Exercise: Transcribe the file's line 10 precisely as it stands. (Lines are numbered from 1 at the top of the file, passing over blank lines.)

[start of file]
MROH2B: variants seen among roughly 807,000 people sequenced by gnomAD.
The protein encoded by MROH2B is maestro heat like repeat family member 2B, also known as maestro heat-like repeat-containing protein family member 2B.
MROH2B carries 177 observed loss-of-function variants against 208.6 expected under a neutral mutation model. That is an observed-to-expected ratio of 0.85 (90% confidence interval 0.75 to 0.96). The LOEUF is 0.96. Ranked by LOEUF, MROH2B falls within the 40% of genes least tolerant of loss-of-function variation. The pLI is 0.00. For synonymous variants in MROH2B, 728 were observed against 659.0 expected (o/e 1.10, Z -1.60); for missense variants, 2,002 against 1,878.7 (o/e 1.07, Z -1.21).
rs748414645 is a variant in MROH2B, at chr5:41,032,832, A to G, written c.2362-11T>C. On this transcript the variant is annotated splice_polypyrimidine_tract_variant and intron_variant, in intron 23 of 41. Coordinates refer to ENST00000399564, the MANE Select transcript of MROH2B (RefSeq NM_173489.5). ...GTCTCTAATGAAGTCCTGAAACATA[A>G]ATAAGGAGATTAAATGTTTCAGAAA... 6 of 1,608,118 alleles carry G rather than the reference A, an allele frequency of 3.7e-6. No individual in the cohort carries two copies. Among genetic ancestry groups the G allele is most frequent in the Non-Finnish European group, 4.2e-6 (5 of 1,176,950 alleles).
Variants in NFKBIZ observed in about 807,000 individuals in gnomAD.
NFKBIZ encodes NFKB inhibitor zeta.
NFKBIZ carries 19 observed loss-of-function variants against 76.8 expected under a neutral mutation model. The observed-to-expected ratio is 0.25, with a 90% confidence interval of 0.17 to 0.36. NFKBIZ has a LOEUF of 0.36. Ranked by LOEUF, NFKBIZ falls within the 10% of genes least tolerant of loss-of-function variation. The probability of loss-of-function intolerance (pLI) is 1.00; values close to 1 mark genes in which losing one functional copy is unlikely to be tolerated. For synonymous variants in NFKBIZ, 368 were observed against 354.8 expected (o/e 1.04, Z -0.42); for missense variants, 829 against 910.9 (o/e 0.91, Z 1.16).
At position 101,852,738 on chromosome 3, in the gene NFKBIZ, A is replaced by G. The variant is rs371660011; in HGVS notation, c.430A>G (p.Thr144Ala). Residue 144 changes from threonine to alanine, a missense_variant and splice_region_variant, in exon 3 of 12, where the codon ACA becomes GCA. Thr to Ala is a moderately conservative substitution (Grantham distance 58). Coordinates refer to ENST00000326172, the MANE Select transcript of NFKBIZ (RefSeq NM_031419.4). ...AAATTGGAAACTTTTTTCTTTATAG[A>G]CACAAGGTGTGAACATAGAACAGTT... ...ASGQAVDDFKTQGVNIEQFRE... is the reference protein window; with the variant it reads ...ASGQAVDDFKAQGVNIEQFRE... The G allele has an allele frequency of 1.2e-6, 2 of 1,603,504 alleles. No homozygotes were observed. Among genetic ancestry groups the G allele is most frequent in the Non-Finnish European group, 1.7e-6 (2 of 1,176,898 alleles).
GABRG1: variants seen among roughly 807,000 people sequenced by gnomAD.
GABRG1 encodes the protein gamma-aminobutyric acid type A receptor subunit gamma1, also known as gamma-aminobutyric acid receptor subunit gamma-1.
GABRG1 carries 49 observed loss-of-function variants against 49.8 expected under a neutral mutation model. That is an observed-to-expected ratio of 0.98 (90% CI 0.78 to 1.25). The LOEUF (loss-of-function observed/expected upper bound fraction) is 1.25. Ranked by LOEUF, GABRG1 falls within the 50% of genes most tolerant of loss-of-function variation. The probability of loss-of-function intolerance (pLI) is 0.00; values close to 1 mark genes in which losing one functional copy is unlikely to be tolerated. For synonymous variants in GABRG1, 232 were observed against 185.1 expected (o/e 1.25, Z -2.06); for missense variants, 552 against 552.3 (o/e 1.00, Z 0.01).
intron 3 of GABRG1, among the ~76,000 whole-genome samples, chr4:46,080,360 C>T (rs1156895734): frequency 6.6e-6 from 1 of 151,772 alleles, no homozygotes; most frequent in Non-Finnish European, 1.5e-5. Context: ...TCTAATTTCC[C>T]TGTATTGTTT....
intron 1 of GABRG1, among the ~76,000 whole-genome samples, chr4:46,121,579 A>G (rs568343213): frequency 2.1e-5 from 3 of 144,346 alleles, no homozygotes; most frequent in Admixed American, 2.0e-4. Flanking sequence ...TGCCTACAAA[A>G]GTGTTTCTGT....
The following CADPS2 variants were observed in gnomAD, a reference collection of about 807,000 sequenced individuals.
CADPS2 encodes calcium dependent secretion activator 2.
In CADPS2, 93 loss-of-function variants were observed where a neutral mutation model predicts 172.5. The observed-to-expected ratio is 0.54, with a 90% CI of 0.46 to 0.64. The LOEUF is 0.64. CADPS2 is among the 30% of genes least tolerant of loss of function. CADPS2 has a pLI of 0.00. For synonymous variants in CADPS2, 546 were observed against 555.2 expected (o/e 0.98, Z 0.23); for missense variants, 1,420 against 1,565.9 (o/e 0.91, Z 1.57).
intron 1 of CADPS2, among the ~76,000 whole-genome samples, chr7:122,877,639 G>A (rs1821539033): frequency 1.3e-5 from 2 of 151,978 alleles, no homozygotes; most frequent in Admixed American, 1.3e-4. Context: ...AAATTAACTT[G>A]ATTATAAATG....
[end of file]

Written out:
GABRG1 encodes the protein gamma-aminobutyric acid type A receptor subunit gamma1, also known as gamma-aminobutyric acid receptor subunit gamma-1.